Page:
kills it -- all using handy job numbers rather than long-winded process numbers. Finally,
<font face="Courier">twep</font>
is a bit of whimsy. Notice that arguments are passed to functions using the standard shell convention of
<font face="Courier">$n</font>
, where
<font face="Courier">n</font>
is a digit one through nine. Unlike C, the arguments aren't declared between the parentheses following the function name. In fact, those parentheses are really just a bit of syntactic sugar.

The boundaries between aliases, functions, and shell scripts are blurred. Given aliases and functions, jumping to shell scripting is not difficult.

My final example is a complicated function that could just as well be put in an executable file and called a shell script.

The MH mailer stores draft emails as files in a directory, just as it stores all other emails. One then uses

<font face="Courier">comp -use<filename></font>
to work on a particular draft. However, I often have no intention of sending an email straight away, and would rather just fire up my editor on the message file. So I wrote a simple script adding a new command to MH. The script works the same as other MH commands, taking as its argument the number of a mail message to edit. So now I can look at my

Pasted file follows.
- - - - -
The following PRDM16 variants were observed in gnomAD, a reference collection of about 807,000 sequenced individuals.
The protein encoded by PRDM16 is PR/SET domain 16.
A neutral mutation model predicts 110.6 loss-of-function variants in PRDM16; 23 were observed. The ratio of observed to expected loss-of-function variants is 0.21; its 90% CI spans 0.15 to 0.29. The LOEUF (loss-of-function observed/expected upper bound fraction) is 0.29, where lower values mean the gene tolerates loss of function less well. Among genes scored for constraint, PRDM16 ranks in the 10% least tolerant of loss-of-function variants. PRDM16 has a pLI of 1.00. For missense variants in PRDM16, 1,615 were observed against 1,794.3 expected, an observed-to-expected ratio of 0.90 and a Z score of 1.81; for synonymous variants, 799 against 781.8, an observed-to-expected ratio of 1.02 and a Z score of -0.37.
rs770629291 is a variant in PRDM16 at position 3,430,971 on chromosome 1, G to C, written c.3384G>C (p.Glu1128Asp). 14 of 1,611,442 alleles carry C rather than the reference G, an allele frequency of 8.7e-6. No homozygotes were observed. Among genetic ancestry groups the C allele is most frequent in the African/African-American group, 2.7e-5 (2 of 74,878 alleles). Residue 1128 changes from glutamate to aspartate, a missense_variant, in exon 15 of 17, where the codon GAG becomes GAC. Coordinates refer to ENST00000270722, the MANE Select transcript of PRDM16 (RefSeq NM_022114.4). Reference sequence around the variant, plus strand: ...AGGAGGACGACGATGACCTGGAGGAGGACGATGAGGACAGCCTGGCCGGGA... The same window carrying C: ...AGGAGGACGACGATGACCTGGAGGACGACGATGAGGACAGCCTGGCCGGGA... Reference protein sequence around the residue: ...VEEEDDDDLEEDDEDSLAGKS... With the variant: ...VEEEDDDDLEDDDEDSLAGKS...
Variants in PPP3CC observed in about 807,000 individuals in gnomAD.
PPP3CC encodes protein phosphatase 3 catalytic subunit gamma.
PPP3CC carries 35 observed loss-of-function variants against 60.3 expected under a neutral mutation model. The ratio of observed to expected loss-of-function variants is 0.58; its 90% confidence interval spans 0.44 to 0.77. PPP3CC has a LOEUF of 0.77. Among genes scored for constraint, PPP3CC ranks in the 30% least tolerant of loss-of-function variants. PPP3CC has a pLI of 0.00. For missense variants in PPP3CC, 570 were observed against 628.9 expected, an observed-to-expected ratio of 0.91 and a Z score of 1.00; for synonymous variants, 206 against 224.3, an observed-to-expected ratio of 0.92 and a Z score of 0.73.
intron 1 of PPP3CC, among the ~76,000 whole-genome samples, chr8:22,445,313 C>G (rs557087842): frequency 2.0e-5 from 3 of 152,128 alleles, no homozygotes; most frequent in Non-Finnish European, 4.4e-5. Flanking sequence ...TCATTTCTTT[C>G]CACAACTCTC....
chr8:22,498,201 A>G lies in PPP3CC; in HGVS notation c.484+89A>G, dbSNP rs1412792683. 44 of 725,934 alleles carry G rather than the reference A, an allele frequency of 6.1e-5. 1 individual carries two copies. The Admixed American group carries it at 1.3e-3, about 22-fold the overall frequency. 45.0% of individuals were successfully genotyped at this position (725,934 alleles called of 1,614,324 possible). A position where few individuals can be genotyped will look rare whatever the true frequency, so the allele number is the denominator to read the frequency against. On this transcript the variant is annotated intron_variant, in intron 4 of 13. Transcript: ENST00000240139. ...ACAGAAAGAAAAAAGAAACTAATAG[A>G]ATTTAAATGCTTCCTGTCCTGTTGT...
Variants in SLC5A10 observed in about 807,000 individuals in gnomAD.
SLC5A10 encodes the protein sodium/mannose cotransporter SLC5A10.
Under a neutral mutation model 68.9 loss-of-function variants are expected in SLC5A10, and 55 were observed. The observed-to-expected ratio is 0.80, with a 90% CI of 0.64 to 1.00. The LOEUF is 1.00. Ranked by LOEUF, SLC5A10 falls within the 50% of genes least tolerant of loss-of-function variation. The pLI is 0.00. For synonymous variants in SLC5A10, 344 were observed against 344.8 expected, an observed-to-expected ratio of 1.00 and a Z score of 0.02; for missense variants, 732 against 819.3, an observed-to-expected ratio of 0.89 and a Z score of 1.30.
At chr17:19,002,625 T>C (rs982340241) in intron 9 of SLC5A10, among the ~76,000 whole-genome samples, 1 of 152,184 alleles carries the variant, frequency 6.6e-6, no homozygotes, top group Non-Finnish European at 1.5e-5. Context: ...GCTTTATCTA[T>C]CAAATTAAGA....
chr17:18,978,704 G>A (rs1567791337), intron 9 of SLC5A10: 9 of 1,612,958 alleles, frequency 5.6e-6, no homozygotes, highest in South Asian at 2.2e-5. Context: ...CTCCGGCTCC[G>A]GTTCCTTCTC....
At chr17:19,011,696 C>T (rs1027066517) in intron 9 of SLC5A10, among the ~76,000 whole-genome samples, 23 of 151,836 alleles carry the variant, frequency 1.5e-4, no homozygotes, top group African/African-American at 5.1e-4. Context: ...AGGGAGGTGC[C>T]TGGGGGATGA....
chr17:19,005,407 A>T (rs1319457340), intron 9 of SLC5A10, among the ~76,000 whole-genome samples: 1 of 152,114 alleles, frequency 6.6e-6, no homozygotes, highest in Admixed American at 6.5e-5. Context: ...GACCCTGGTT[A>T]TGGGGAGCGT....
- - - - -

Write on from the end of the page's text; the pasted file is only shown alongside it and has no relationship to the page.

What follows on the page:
<font face="Courier">drafts</font>
directory using the
<font face="Courier">drafts</font>
command, then edit the message I want with
<font face="Courier">vd 20</font>
. Here's the script:

<font face="Courier">
vd()
{
case $1 in
    "");;
    last) vi $(ls $HOME/Mail/drafts/[1-9]*|sort -t '/' +5 -n|tail -1) ;;
    first) vi $(ls $HOME/Mail/drafts/[1-9]*|sort -t '/' +5 -n|head -1) ;;
    [0-9]*) vi $HOME/Mail/drafts/$1;;
    *) echo 'vd: usage: vd [first|last|<msg-nr.>]';;
esac
}
</font>

This is simple programming, using a case statement to decide what to do.

<font face="Courier">$1</font>
, as we know, is the first argument to the function, and depending on its value --
<font face="Courier">last</font>
,
<font face="Courier">first</font>